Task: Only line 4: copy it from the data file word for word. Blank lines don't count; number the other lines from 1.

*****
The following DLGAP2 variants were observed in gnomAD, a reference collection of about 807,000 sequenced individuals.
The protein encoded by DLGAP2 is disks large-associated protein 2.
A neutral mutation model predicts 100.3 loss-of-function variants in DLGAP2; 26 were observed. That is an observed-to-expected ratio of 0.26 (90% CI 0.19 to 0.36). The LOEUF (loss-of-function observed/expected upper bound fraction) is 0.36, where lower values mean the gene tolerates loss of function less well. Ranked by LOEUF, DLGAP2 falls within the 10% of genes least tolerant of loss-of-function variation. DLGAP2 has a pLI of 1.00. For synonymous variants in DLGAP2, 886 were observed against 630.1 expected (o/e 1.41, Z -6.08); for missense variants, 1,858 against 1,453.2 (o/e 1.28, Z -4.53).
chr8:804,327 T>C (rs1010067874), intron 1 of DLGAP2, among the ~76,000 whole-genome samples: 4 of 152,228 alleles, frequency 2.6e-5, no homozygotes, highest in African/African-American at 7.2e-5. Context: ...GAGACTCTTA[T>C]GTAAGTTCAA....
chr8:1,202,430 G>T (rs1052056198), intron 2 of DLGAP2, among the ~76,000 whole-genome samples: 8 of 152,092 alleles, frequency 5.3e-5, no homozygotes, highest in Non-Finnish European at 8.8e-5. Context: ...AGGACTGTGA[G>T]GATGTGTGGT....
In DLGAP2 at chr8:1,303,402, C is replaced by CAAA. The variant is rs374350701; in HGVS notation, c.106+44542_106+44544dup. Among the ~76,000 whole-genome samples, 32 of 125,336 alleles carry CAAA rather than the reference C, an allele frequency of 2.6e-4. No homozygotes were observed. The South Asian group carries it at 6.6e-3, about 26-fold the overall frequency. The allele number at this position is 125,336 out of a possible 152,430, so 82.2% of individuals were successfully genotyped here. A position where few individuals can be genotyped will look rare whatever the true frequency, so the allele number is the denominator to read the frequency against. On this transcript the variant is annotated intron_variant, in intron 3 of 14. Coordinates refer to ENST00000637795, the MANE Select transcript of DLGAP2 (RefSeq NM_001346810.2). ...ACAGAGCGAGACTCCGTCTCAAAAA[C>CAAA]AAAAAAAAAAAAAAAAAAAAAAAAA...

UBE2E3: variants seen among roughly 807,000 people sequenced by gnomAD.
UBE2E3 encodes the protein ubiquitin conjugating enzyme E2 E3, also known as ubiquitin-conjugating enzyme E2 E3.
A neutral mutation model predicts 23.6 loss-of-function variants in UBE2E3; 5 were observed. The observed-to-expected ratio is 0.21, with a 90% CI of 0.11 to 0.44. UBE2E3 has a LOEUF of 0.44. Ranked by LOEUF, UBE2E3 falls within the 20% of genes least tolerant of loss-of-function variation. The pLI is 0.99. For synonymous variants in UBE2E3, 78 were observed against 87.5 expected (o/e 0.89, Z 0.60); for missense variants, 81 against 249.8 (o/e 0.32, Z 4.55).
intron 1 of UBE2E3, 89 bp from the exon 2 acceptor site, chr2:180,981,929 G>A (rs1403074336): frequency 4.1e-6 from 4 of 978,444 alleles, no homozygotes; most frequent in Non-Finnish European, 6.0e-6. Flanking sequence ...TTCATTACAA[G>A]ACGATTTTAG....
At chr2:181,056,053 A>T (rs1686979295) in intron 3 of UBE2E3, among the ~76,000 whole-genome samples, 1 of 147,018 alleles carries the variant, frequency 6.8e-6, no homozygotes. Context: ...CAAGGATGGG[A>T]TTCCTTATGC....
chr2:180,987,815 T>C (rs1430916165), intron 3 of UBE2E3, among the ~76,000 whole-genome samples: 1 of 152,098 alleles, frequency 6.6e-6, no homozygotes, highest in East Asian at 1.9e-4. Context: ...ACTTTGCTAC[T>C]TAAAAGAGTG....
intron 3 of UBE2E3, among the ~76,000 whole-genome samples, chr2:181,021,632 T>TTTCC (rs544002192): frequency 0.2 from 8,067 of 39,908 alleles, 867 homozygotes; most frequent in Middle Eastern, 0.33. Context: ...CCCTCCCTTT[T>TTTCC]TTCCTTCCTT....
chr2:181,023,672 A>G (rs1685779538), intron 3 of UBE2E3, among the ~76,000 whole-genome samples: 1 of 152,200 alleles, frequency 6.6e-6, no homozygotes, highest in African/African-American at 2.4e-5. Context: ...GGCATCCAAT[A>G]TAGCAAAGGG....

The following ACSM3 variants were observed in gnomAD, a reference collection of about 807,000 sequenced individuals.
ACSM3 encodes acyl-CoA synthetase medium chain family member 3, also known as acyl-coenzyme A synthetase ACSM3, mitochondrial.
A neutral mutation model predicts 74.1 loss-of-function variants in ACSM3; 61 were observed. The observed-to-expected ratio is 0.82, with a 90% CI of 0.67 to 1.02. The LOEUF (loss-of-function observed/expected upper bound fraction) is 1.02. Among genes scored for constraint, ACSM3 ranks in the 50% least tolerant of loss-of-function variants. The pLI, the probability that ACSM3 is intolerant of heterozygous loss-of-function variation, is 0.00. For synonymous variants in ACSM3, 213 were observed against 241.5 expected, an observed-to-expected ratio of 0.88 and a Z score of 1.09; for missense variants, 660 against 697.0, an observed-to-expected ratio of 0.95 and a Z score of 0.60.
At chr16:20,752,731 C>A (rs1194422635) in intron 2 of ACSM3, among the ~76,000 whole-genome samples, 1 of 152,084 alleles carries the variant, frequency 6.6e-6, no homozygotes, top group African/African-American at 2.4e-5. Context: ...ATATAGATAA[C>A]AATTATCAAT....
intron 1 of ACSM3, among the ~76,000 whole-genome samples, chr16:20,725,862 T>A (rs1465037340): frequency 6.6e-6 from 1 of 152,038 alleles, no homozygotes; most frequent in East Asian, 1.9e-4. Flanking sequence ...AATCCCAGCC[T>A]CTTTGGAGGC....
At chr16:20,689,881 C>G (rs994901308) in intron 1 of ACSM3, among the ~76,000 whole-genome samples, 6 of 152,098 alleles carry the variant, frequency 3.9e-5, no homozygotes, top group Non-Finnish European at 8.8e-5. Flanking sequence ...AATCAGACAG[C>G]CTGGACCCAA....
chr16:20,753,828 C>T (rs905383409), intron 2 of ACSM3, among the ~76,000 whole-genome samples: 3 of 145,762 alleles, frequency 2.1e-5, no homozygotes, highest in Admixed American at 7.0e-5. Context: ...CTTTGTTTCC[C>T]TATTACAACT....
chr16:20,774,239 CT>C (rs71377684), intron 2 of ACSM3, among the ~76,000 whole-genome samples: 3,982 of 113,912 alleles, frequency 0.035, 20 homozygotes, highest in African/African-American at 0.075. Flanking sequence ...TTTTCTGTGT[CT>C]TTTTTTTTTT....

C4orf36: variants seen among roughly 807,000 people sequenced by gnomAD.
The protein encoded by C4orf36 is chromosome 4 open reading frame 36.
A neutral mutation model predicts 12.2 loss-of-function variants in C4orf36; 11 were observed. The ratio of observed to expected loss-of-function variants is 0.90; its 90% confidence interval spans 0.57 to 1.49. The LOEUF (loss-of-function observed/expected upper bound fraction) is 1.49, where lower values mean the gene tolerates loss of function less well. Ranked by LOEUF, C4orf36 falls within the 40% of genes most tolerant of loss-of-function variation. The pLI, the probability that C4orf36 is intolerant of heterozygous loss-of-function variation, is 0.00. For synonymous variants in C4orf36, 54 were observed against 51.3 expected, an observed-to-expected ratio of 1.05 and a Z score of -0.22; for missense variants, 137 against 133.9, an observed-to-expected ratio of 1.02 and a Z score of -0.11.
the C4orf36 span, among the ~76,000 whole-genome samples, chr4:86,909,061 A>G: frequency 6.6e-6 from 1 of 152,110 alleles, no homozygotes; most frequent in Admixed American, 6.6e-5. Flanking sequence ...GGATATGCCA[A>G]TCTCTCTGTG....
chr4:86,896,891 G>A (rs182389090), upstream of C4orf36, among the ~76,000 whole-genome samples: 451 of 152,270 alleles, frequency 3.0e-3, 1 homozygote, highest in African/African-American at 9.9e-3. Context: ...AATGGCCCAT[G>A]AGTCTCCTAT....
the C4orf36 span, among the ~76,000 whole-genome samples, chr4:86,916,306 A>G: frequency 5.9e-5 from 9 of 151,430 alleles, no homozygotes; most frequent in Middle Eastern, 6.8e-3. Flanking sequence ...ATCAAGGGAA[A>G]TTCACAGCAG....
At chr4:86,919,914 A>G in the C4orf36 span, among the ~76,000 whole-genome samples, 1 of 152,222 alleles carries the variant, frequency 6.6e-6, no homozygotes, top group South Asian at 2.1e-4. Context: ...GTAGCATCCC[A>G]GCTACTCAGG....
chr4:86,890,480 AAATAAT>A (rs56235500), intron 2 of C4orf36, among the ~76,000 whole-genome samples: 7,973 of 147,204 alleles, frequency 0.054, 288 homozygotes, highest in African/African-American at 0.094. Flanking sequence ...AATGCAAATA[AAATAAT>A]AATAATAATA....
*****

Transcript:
chr8:804,327 T>C (rs1010067874), intron 1 of DLGAP2, among the ~76,000 whole-genome samples: 4 of 152,228 alleles, frequency 2.6e-5, no homozygotes, highest in African/African-American at 7.2e-5. Context: ...GAGACTCTTA[T>C]GTAAGTTCAA....